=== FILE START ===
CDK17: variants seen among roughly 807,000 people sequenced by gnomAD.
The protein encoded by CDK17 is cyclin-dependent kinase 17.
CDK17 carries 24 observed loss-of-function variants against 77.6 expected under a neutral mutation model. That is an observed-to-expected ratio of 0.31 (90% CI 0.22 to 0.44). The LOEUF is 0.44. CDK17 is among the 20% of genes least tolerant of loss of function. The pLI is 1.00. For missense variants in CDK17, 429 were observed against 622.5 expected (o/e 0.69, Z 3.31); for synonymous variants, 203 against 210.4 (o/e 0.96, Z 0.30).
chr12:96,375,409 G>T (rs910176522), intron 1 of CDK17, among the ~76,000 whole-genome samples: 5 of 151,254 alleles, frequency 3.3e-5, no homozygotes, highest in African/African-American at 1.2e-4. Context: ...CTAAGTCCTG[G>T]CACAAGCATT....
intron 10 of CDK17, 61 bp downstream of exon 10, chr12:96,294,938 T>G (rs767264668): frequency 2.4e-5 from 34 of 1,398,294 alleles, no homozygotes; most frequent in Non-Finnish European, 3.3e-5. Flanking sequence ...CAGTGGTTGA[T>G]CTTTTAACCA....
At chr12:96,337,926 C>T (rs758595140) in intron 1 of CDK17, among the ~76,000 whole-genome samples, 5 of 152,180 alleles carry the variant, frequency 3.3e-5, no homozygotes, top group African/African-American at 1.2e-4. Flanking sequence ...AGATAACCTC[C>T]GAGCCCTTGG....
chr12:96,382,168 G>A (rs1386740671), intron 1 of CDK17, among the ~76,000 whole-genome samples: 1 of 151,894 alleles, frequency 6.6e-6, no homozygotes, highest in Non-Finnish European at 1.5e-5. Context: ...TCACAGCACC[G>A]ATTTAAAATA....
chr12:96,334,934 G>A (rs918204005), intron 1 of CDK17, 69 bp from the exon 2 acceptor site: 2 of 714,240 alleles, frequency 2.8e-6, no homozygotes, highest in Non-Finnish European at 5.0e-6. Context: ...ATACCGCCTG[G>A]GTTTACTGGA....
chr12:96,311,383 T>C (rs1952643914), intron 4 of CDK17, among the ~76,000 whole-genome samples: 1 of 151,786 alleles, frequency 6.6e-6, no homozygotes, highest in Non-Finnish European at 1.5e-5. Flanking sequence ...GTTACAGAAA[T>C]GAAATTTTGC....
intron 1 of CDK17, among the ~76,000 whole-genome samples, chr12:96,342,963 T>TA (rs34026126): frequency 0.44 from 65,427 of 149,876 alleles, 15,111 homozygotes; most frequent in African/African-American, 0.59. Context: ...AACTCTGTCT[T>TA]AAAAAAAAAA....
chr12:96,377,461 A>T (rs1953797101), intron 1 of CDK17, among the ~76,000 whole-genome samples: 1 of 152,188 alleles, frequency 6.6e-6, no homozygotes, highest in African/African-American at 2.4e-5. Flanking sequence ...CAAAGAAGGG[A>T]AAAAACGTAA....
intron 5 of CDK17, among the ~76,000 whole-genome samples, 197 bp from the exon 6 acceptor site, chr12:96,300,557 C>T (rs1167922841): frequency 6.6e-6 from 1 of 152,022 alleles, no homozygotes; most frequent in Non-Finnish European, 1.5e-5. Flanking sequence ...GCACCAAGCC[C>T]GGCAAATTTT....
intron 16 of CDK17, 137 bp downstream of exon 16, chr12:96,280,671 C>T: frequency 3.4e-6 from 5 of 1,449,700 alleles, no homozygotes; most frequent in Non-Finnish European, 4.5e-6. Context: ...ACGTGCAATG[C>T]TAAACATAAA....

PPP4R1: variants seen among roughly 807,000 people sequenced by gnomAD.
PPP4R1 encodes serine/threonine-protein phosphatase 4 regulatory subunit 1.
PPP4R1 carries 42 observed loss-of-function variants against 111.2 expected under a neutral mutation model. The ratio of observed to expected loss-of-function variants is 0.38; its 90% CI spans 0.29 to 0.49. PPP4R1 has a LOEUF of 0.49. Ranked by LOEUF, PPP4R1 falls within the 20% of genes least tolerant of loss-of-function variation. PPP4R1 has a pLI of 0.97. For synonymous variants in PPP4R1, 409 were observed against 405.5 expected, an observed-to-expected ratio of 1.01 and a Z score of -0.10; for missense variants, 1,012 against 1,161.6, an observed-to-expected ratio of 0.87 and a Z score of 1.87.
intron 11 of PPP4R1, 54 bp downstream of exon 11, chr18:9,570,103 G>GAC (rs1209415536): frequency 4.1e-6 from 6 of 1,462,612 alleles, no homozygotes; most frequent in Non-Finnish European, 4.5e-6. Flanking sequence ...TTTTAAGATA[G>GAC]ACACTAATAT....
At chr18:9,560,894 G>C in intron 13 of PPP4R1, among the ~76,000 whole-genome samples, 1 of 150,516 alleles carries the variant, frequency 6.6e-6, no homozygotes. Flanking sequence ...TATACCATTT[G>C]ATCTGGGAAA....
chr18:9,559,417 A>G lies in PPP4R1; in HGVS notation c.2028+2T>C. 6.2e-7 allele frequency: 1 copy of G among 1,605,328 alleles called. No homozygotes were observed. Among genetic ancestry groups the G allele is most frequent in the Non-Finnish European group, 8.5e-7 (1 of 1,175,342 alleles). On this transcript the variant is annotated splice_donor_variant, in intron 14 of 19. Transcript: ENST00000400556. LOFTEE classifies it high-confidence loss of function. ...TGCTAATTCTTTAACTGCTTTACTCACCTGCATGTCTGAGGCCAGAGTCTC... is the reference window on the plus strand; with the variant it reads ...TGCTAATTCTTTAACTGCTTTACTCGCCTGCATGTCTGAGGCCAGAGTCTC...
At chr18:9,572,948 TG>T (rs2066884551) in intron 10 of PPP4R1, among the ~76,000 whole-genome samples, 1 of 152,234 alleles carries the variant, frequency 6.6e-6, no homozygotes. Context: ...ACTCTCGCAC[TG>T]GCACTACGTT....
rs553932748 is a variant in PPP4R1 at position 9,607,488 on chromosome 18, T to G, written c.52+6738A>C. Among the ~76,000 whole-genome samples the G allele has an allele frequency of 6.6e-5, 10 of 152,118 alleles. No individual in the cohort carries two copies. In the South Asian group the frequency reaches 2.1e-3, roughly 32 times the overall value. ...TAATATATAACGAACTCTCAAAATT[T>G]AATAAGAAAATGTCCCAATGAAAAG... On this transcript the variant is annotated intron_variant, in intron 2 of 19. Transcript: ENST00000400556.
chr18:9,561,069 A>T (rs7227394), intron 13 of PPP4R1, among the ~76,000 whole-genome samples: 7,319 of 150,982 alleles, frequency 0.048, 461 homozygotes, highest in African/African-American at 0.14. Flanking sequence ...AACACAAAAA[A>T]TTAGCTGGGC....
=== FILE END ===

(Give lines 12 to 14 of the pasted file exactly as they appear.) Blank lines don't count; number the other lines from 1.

intron 5 of CDK17, among the ~76,000 whole-genome samples, 197 bp from the exon 6 acceptor site, chr12:96,300,557 C>T (rs1167922841): frequency 6.6e-6 from 1 of 152,022 alleles, no homozygotes; most frequent in Non-Finnish European, 1.5e-5. Flanking sequence ...GCACCAAGCC[C>T]GGCAAATTTT....
intron 16 of CDK17, 137 bp downstream of exon 16, chr12:96,280,671 C>T: frequency 3.4e-6 from 5 of 1,449,700 alleles, no homozygotes; most frequent in Non-Finnish European, 4.5e-6. Context: ...ACGTGCAATG[C>T]TAAACATAAA....

PPP4R1: variants seen among roughly 807,000 people sequenced by gnomAD.